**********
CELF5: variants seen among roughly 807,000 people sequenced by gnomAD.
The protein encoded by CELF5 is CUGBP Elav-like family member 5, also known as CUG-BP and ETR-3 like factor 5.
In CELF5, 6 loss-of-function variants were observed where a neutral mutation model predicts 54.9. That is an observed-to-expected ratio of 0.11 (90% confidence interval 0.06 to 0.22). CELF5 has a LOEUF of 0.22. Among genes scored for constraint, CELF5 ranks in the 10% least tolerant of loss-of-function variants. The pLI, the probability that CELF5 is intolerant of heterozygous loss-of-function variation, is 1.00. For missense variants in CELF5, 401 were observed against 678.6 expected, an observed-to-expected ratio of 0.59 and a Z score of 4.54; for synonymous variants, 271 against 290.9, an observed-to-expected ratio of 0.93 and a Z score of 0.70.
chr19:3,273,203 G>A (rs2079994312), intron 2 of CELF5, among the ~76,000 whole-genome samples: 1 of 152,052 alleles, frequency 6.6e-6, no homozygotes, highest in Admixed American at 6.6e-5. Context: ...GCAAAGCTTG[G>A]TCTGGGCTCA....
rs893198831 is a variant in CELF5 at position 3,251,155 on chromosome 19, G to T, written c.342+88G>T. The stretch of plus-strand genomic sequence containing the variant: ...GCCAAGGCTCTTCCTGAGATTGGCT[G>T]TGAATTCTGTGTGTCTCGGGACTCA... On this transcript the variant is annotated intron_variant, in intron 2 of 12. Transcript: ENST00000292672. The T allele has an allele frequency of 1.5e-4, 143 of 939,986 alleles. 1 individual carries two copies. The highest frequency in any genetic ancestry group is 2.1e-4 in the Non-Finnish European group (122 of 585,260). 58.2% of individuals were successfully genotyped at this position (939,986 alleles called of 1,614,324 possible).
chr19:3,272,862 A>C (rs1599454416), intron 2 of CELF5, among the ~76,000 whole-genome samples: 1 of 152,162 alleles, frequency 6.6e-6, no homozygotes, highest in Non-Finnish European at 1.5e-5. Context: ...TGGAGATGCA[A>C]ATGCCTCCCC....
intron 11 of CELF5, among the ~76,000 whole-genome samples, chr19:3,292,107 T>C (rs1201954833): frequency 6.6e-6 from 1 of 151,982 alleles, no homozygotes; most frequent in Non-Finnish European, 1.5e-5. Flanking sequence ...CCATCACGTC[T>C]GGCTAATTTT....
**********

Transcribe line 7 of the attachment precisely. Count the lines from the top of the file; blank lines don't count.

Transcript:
intron 11 of CELF5, among the ~76,000 whole-genome samples, chr19:3,292,107 T>C (rs1201954833): frequency 6.6e-6 from 1 of 151,982 alleles, no homozygotes; most frequent in Non-Finnish European, 1.5e-5. Flanking sequence ...CCATCACGTC[T>C]GGCTAATTTT....